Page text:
But then again, I feel kind of like a traitor for suggesting it. Isn't the point of homeschooling to teach my own kids, not let some computer program do it for me? (I'm second generation, so this is pretty well ingrained in me, I've never understood the co-op/outsource culture.). But, I would be teaching, I'd just be freeing myself to teach the stuff we enjoy and do it properly instead of it being squeezed in at the end. But, these programs are used at schools and I know how poor school results are, how can they do a better job than me? Is it purely the one on one attention and supervision and availability for questions which would make the difference? I'm not going to stick them in front of the computer and go off to work, I'll use the time to be in the room helping them or doing dishes etc. I don't know, I feel conflicted and can't decide if it's a logical conflict or just being pulled towards the anti-school-program, teach-your-kids-yourself mentality where it may not be needed.



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I think it totally depends on what works best for you and your DC. :) In some ways, you could ask the very same questions about solo-working textbooks/workbooks. Yet some students really click with and thrive with that mode of learning. Same with online or computer-based programs.


Your family is going to be very different from mine, so my experiences won't likely help you that much, but FWIW, here was how I worked my way through that question. For us -- and we were homeschooling the elementary grades 15 years ago, so there are a lot of changes and new resources available -- doing work on the computer worked best for supplements, like math fact drills, and educational computer games to extend learning. We also used a lot of documentaries (as library videos/DVDs, but now there is much more access to online streaming) -- again, as extension and supplement.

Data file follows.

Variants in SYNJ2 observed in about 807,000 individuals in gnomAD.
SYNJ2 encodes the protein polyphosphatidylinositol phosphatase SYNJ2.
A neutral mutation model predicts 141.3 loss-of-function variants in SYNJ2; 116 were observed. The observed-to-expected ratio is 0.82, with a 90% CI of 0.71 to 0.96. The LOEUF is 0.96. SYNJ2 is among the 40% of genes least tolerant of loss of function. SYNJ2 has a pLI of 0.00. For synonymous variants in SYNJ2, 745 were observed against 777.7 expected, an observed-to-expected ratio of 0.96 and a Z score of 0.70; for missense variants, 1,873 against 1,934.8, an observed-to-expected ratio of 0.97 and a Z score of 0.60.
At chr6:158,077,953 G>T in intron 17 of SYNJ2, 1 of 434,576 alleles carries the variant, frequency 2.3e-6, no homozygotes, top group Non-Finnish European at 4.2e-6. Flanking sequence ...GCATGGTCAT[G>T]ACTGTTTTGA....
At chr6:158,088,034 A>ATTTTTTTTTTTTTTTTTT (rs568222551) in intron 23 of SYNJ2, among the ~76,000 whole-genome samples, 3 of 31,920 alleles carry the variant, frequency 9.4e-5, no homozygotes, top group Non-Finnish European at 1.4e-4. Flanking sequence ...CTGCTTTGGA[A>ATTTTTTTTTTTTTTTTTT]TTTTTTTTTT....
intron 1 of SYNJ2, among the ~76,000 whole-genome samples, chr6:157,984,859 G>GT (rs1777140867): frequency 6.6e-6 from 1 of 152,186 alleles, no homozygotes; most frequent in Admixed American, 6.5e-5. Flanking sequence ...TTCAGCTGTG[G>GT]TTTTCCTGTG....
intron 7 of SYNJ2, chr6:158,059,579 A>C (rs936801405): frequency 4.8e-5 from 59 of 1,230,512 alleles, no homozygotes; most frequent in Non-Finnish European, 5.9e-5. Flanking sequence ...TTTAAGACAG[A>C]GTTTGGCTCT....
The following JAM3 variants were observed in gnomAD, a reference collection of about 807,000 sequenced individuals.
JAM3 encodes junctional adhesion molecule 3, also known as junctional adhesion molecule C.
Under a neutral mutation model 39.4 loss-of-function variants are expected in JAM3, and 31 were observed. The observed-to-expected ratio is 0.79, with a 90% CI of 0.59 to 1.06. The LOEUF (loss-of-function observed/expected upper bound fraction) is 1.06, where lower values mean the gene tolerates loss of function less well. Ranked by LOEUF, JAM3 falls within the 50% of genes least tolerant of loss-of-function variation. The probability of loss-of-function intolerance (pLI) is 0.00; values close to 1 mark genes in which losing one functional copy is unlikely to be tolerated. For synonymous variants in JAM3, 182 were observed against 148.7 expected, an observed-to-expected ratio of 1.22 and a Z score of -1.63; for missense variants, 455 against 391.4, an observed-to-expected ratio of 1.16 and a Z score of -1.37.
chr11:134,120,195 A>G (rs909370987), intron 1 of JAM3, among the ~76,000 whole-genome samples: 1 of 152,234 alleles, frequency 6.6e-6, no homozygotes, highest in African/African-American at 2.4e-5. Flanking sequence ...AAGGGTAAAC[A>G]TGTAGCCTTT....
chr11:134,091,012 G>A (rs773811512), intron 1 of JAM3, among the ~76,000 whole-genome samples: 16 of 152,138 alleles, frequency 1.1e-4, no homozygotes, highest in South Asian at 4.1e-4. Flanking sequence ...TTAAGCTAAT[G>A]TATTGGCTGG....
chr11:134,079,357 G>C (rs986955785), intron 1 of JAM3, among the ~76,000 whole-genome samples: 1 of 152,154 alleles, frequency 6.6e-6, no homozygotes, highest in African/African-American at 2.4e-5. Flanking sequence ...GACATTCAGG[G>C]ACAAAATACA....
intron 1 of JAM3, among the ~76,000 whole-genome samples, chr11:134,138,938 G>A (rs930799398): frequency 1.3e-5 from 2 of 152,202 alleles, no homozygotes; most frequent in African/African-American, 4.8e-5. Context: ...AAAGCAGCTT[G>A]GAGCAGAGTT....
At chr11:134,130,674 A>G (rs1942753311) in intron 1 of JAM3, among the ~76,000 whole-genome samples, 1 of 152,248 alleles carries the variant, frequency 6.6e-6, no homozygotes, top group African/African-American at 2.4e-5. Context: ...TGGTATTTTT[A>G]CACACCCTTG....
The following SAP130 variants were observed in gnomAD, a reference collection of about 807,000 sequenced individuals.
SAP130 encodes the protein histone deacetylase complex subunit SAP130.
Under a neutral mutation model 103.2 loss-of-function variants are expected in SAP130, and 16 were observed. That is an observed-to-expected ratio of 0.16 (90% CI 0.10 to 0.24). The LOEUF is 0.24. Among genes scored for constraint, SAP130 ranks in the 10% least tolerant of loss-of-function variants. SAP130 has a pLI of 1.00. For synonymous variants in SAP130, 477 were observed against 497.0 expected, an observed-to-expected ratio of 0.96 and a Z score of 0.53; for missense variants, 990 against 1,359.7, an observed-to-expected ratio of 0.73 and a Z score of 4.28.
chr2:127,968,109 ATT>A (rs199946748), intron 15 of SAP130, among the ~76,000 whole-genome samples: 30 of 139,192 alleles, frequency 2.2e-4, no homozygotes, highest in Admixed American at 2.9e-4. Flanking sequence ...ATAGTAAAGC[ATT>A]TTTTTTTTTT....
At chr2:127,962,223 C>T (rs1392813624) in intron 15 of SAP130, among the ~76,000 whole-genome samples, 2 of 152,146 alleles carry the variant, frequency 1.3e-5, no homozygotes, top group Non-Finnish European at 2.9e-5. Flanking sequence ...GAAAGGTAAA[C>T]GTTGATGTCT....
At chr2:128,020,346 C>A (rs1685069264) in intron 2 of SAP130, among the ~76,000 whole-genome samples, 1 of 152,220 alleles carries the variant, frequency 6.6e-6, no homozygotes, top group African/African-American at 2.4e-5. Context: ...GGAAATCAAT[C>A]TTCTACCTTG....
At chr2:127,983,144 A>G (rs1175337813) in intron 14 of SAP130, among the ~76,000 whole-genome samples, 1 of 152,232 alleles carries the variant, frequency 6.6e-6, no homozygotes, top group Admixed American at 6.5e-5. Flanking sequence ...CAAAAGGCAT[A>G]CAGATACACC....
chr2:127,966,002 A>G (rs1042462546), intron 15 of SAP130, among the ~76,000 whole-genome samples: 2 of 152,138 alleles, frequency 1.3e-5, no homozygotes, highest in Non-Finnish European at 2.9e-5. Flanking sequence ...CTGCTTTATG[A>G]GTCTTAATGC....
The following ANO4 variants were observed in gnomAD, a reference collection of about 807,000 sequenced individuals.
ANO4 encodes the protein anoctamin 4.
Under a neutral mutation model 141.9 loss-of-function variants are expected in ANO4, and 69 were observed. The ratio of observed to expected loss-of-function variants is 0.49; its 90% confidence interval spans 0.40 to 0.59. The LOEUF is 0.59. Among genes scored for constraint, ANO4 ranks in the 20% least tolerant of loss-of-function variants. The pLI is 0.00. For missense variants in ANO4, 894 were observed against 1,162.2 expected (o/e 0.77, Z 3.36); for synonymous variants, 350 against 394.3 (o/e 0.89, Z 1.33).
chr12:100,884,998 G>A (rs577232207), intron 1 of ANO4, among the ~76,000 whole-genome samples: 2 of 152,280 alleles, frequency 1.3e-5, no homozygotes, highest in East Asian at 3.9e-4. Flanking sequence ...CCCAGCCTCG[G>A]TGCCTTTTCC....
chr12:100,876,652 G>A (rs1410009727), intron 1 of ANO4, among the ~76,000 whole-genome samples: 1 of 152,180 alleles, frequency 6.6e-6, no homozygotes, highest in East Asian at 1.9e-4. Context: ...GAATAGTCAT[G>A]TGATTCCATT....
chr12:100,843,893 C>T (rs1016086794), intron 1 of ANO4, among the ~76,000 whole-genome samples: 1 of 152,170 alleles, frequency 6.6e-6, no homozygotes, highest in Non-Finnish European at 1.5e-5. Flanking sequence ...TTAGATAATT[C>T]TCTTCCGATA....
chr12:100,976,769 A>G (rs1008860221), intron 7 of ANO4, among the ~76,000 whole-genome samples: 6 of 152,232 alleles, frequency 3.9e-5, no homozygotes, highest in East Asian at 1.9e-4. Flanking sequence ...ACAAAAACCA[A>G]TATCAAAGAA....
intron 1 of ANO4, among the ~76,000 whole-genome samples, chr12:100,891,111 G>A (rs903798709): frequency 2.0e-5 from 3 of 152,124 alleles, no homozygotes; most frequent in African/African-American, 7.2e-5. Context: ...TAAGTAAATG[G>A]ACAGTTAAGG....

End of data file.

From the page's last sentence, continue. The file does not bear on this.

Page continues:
Neither DS here would have done well with the computer as the primary teacher or mode of learning, and neither did well with solo/independent learning until at least 6th grade, and then it was a slow process for the next few years of becoming increasingly more independent by 10th/11th grade. Just their unique timetables.   ;) As a result, we didn't use online options as our "spine" sources of learning.


I found that using the computer in those ways (supplement/extension) was very helpful in the early elementary grades when students were less able to read or do work solo. Having computer time for one DS freed me up to work with the other DS one-on-one for 30-60 minutes each day, and by making it extension/supplementary learning, I could relax -- some learning and reinforcement was happening, they were enjoying their computer time, but I also wasn't reliant on the computer as the major component for any subject area so if no learning was happening, I didn't freak out.